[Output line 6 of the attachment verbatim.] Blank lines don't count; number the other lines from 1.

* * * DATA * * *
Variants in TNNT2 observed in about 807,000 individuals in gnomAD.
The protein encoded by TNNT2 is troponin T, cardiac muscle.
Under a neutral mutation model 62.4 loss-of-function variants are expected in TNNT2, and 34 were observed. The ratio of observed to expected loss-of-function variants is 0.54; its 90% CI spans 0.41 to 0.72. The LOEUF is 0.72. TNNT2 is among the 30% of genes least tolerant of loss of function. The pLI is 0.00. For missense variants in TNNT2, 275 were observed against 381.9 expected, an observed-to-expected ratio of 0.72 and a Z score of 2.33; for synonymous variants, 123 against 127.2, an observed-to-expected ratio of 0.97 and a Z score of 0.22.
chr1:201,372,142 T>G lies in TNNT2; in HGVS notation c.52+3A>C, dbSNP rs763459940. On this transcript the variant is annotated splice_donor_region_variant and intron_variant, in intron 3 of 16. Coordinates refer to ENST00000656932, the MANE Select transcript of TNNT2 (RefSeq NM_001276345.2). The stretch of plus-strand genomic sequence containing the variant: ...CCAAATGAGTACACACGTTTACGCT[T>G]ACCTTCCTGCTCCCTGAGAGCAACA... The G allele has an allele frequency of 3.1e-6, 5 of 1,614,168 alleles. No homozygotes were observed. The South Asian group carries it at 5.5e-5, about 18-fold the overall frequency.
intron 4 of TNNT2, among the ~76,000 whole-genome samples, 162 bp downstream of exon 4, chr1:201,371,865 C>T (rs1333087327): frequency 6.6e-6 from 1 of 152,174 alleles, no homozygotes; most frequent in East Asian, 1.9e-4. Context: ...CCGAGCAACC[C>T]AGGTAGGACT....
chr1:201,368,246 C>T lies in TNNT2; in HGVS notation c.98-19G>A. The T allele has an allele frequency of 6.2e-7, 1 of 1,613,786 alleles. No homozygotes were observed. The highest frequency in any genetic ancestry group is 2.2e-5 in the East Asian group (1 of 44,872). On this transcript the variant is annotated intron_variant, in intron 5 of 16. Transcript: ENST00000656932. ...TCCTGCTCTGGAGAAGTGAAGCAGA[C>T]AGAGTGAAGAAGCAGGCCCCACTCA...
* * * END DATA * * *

chr1:201,368,246 C>T lies in TNNT2; in HGVS notation c.98-19G>A. The T allele has an allele frequency of 6.2e-7, 1 of 1,613,786 alleles. No homozygotes were observed. The highest frequency in any genetic ancestry group is 2.2e-5 in the East Asian group (1 of 44,872). On this transcript the variant is annotated intron_variant, in intron 5 of 16. Transcript: ENST00000656932. ...TCCTGCTCTGGAGAAGTGAAGCAGA[C>T]AGAGTGAAGAAGCAGGCCCCACTCA...